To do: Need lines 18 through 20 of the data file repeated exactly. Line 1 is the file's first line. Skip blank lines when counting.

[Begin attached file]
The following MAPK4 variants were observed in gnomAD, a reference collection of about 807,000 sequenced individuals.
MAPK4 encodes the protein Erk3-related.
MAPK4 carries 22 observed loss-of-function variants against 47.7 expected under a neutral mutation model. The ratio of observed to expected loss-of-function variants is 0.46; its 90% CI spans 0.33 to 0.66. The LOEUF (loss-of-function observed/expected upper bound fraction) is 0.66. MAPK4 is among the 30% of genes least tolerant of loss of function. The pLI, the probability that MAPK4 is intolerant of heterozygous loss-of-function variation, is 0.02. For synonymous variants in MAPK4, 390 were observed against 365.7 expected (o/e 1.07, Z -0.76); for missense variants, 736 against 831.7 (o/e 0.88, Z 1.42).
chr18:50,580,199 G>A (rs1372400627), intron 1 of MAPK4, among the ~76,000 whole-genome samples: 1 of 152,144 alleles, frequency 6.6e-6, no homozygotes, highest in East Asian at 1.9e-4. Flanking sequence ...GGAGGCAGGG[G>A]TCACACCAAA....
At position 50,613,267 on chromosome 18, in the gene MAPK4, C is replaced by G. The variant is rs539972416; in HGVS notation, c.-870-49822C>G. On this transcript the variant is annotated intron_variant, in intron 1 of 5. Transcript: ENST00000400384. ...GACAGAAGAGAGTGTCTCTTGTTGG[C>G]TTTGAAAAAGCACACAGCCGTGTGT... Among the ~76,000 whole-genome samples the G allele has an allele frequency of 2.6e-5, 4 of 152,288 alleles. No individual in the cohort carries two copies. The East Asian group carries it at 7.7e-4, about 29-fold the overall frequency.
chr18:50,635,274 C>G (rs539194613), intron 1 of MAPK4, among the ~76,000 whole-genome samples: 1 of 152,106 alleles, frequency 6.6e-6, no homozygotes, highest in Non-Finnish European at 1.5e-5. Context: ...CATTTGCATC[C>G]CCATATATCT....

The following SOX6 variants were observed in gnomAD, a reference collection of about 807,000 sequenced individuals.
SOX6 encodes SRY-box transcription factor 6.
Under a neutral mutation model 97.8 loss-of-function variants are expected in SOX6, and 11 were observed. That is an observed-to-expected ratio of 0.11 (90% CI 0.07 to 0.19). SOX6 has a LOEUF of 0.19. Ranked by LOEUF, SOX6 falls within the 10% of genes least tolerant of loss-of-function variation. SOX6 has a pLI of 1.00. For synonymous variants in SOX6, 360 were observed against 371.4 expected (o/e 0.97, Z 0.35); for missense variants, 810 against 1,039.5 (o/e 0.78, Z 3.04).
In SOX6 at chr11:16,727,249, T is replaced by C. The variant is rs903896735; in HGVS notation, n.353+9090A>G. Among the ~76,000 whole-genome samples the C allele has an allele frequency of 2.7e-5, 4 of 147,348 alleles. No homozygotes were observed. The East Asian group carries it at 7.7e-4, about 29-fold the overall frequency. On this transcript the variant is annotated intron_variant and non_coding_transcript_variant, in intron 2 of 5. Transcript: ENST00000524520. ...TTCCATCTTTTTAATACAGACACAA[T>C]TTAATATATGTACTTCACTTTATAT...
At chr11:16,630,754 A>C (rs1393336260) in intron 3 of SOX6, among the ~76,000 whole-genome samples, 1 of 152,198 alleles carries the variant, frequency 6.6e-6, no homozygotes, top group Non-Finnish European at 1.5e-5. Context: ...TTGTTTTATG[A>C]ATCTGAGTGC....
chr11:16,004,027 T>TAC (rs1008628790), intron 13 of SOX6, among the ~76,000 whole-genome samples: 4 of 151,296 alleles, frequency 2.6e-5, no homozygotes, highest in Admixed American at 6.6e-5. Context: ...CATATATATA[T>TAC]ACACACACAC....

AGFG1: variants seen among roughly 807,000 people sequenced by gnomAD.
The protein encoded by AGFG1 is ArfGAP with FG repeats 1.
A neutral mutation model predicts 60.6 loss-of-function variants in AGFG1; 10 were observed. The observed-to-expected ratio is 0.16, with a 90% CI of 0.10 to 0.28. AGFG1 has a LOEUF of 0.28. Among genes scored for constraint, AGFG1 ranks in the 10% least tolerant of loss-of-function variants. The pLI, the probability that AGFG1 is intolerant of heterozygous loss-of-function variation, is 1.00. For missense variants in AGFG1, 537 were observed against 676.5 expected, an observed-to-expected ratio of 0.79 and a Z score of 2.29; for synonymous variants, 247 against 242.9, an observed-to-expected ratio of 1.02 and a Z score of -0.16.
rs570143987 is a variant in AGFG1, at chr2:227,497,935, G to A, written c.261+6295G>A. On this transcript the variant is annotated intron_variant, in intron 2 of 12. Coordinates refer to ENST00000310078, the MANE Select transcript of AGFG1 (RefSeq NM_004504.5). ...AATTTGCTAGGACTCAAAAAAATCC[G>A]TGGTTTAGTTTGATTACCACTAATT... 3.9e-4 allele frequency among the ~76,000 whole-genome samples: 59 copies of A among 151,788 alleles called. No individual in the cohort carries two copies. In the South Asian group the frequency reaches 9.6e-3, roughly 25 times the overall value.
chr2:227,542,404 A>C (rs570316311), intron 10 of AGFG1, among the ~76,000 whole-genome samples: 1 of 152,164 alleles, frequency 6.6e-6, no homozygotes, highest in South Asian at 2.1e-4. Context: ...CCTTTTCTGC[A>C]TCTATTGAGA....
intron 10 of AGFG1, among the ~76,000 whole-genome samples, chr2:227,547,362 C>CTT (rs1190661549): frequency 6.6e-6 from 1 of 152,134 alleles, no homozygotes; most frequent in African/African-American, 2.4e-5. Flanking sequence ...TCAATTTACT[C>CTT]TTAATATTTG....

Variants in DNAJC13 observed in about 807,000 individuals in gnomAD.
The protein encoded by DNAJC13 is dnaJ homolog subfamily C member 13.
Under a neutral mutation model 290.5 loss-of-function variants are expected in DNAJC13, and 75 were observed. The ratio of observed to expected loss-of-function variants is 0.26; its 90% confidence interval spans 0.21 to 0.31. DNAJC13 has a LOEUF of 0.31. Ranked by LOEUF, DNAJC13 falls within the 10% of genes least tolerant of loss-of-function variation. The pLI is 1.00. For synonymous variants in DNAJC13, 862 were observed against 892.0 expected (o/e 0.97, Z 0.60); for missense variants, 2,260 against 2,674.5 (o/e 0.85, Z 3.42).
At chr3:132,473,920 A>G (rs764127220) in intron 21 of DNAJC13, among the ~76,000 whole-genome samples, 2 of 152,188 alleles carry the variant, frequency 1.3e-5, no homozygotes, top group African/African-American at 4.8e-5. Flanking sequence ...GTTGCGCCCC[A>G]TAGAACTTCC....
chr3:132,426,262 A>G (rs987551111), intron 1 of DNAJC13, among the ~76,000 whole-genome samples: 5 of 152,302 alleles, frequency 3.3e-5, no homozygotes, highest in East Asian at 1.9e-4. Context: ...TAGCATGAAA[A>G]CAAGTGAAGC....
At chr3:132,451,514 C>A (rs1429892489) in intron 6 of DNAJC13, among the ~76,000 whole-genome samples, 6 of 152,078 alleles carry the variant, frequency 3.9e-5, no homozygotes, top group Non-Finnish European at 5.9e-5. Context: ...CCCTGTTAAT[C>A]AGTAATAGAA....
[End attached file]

intron 10 of AGFG1, among the ~76,000 whole-genome samples, chr2:227,547,362 C>CTT (rs1190661549): frequency 6.6e-6 from 1 of 152,134 alleles, no homozygotes; most frequent in African/African-American, 2.4e-5. Flanking sequence ...TCAATTTACT[C>CTT]TTAATATTTG....

Variants in DNAJC13 observed in about 807,000 individuals in gnomAD.
The protein encoded by DNAJC13 is dnaJ homolog subfamily C member 13.